From Margaret Everton on June 29, 2010 in Philadelphia
For architect Matt Moger, to use the term “sacred ground” wasn’t unusual. After all, his Berwyn-based architectural design firm has the goal of designing “homes of the land.” Moger looks at the environment and asks, “What can I create from the local setting?”
When he approached the five-acre lot in Kennett Square, there was no doubt. His first thought had to do with sacred ground. The second thought was what the house would look like in order to protect said sacred ground. He designed two structures for his clientboth modeled on the barn house, but modernized to the max.
Ave and Vickie Topel, the homeowners, came from a large farmhouse. They wanted to find a house that they could spend their retirement years insomething simple, low-maintenance, rustic, and integrated with its surroundings. The barnhouse approach was perfect. It incorporated the rustic themes, and it matched the environment.
The Topels also wanted a timber-frame construction. Their curiosity with timber-frame buildings led them into a learning journey of green living, lower energy bills, and sustainable concepts. By the time that they were done talking, the builders knew that they were going to be building a LEED-certified home. LEED certification is hard work, but Moger was up to the challenge.
The home bespeaks its sustainable architecture, but it also manifests incredible, simple beauty. The timber-frame great room, about which the Topels are passionate, soars with 20-feet ceilings and huge picture windows. The fireplace is a central feature of the beautiful great room. It is a 36-foot stone structure.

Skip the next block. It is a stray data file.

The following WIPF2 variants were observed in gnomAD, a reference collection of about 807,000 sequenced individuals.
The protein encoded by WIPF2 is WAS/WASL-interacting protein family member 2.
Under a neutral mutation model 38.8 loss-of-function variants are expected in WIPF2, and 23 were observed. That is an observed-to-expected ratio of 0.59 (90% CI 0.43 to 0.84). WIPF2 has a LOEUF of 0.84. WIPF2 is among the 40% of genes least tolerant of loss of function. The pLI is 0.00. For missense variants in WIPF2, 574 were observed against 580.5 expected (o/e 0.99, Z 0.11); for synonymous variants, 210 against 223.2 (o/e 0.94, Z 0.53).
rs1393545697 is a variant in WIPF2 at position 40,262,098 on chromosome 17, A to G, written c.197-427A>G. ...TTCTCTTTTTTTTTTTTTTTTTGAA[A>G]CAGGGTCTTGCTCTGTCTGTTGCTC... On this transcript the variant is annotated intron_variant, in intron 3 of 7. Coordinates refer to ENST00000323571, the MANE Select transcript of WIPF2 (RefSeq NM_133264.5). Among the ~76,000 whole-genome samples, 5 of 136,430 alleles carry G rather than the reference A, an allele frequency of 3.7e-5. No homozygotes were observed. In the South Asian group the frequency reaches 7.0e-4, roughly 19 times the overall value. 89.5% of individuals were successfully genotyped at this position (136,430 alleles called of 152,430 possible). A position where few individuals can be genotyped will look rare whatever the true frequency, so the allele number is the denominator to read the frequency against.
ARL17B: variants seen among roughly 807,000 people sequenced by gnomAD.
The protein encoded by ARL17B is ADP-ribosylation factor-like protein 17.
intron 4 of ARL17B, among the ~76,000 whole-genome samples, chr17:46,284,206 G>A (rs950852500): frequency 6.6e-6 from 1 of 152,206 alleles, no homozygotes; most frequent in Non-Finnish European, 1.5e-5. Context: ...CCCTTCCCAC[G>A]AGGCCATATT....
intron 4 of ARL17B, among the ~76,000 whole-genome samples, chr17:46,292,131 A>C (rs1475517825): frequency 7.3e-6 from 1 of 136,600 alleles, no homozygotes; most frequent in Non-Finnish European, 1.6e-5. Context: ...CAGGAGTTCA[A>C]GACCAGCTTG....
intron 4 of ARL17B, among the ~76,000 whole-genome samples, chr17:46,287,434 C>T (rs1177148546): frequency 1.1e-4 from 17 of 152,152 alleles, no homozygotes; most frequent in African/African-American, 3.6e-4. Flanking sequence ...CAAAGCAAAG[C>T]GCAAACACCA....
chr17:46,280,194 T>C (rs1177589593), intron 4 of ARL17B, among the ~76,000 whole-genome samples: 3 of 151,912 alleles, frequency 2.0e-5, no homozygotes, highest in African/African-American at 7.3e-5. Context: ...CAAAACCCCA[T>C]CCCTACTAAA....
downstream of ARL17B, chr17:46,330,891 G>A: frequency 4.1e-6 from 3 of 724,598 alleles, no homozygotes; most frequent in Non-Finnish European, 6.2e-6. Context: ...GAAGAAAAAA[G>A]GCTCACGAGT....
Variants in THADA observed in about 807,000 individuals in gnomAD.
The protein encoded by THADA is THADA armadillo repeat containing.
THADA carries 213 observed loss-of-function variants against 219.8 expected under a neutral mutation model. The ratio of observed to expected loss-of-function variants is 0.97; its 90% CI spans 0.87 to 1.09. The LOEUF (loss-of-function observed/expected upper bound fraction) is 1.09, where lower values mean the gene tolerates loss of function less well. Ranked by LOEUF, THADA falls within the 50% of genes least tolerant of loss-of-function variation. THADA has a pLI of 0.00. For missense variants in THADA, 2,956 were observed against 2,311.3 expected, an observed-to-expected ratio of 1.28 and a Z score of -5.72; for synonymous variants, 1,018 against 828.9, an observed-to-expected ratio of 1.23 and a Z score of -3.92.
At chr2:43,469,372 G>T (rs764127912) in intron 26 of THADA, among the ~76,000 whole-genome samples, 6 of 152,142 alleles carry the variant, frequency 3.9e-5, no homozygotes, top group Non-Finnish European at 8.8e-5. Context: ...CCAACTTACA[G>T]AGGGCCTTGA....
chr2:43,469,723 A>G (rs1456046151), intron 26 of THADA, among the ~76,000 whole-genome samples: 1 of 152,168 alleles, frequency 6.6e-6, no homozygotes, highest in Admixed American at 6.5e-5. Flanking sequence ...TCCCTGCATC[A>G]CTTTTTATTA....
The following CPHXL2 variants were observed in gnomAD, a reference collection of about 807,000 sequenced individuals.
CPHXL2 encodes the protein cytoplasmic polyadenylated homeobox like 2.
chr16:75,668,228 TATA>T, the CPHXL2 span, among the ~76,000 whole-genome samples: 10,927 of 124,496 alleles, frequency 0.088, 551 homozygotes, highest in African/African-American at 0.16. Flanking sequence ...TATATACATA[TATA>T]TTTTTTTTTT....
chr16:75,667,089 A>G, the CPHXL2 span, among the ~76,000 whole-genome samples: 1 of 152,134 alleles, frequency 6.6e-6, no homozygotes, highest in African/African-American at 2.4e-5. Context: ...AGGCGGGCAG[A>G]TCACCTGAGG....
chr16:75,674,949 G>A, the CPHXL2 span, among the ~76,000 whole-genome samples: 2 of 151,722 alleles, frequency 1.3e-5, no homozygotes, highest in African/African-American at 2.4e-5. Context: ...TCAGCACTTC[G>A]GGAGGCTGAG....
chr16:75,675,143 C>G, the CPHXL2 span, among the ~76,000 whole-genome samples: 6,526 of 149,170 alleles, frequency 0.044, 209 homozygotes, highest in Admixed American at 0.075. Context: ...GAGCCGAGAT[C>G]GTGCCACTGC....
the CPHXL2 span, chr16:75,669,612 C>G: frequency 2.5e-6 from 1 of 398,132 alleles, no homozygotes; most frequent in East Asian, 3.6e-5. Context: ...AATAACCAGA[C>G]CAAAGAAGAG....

To protect against the elements and climate, the home is equipped with exterior sliding doors that completely cover the windows. This is also to ensure privacy. The barn-door look of these exterior sliding doors adds to the natural farm appeal.
The second part of the house is the smaller barn structure. This is the area in which Moger wanted to showcase the beauty of the homes surroundings. Thus, he used wall-to-wall windows to open up the space to the landscape. The front door to the structure is a distressed copper-covered structure.
For the Topels, the experience of entering the world of green and having a LEED-certified home was a huge learning experience. They authored a book with the title, Green Beginnings: The Story of Building Our Green & Sustainable Home. While the couple is not completely fanatical about going green, they do have a profound respect for the earth, and they certainly enjoy living on their plot of sacred ground.